Former Valdosta student settles First Amendment lawsuit for $900K

Letty Burgin
Florida Campus Correspondent

  • Hayden Barnes made a satirical collage about Valdosta State University building two parking garages.
  • Former Valdosta President Ronald Zaccari labeled his post a "threatening document" and declared him a "clear and present danger."
  • Barnes, Zaccari, and Valdosta State have now settled for $900K.
  • Valdosta State University (VSU) student was expelled over eight years ago and has just now winning his battle for free speech on campus.

    Hayden Barnes was a student at Valdosta State University in 2007 when he was expelled because he expressed unfavorable opinions about the VSU administration using $30 million in student fees to build two parking garages on campus.

    Barnes had concerns that the building project was bad for the environment and that it was being fueled by faculty self-interest. He took to Facebook to express his personal opinion by posting a satirical collage of the parking garage, former president Zaccari, and pro-environmentalist pictures in an attempt to highlight his personal opinion on the controversial campus issue.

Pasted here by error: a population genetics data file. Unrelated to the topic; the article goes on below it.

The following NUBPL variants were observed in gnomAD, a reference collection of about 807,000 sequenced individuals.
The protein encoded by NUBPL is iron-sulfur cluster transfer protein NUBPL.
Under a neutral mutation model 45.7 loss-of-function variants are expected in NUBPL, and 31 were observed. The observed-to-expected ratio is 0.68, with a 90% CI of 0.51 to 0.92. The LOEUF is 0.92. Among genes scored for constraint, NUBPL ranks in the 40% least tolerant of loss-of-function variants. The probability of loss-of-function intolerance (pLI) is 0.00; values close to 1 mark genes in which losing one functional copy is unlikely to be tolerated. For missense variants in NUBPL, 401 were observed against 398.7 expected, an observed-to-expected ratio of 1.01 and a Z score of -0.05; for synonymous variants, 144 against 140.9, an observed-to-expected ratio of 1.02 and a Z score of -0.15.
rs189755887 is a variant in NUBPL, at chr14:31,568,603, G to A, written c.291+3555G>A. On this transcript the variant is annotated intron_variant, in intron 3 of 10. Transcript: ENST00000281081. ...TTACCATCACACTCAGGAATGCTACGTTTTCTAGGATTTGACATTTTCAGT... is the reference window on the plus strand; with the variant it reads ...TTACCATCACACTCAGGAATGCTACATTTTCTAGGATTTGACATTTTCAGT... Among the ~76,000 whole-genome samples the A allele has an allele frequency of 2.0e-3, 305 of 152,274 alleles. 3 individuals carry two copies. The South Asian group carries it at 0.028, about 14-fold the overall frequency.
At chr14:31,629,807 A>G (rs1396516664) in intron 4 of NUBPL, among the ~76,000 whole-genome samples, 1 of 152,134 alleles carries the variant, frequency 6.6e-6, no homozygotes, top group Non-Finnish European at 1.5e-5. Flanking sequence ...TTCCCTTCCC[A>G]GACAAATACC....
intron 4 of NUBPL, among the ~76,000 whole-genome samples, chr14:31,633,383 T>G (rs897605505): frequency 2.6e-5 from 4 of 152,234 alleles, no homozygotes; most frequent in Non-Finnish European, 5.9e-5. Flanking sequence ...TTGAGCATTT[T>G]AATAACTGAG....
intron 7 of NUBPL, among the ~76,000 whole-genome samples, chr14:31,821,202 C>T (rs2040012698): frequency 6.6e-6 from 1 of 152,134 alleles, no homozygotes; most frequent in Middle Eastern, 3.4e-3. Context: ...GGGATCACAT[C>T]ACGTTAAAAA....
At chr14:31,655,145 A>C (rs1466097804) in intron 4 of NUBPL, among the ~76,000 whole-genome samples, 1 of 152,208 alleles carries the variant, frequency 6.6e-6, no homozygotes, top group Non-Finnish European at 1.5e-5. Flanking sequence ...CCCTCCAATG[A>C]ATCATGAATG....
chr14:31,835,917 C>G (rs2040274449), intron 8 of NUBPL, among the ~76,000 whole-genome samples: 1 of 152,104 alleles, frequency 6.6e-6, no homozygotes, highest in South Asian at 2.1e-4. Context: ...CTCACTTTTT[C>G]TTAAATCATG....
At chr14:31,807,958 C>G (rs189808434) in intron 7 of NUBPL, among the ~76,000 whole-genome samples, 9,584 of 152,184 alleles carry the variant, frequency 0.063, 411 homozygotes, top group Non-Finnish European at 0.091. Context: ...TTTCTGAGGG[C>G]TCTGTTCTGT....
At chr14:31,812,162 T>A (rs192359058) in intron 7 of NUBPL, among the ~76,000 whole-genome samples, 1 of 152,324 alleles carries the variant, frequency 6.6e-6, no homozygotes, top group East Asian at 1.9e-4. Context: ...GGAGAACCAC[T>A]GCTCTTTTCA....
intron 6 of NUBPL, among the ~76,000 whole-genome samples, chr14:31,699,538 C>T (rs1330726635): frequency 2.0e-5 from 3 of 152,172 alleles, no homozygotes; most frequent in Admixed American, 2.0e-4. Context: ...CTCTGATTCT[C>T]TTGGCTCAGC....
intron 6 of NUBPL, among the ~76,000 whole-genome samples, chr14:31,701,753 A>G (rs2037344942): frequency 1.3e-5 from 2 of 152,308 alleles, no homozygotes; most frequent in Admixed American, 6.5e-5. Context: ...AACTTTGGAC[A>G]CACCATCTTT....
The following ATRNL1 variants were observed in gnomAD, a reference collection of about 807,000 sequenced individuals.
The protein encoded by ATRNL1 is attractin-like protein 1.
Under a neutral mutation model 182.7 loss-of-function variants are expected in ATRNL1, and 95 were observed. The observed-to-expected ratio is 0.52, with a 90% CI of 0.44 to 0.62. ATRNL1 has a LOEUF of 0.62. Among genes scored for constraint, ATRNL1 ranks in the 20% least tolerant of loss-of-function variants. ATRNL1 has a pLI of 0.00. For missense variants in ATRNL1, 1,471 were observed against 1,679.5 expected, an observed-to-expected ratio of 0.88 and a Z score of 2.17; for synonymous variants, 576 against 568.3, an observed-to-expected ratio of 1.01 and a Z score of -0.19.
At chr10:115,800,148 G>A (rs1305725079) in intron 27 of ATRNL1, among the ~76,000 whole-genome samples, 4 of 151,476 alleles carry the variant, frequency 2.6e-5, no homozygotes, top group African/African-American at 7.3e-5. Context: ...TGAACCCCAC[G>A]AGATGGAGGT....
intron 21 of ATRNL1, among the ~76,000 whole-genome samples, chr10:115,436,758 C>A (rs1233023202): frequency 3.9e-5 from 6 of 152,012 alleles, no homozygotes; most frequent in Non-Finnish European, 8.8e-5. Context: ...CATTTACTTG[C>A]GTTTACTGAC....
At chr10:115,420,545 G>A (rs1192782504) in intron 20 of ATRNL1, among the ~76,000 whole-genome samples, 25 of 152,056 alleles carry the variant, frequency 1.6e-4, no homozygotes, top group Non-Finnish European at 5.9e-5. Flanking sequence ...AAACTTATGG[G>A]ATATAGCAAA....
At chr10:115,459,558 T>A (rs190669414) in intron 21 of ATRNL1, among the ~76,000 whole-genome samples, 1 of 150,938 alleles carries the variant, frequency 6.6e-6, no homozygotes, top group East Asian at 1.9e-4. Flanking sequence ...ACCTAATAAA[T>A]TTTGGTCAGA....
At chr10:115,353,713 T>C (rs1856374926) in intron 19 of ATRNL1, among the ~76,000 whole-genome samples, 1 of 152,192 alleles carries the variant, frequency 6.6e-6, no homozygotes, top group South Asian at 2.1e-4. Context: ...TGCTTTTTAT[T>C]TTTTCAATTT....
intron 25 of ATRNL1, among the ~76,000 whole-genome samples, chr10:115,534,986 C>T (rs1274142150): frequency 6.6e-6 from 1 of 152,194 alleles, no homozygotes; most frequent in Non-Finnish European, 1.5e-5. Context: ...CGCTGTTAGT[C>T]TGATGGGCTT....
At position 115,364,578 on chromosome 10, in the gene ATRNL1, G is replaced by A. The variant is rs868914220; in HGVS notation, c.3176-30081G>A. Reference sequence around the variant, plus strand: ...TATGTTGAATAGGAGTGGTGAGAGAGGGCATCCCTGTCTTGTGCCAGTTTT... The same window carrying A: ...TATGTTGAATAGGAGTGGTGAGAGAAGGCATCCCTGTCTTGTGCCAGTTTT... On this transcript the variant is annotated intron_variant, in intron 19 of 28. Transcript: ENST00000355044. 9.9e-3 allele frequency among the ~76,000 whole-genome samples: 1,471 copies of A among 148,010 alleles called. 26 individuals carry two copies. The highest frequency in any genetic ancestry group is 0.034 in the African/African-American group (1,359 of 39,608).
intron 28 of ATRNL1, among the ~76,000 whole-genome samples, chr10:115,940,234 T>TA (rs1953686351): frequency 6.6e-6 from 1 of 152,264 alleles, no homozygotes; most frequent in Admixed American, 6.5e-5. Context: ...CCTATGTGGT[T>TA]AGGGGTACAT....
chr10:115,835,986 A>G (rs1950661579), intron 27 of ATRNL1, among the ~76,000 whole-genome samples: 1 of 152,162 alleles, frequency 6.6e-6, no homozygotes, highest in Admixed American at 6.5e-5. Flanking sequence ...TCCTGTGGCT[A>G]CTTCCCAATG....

The now-former President Ronald Zaccari labeled Barnes’s post a “threatening document” and stated that the student was a “clear and present danger.”

    With help from the Foundation for Individual Rights and Education (FIRE), Barnes filed a civil rights lawsuit in 2008 against Zaccari and VSU administrators, as well as the Board of Regents of the Georgia University System.

    In 2012, the Eleventh Circuit U.S. Court of Appeals held that Zaccari could be held personally liable for directly violating Barnes’s right to due process. The court held that because Zaccari ignored Barnes’s “constitutional right to notice and a hearing before being removed from VSU,” Zaccari was not allowed to use his status as a state employee against liability in the lawsuit.

    In late July, more than eight years after Barnes’s expulsion and the start of litigation, the two sides settled to the tune of $900,000.

    According to FIRE President and CEO Greg Lukianoff, Barnes has endured one of the worst abuses to a student’s rights that the organization has ever seen. Stating that, “would-be censors at public universities nationwide have 900,000 new reasons to respect the free speech and due process rights of their students.”

    Follow the author of this article on Twitter: @LettyBurgin





    Letty Burgin

    Letty Burgin

    Florida Campus Correspondent

    As a Campus Correspondent, Letty reveals liberal bias on university campuses across the state of Florida. Letty is a student at Florida State University and is earning her B.A. in Political Science. 

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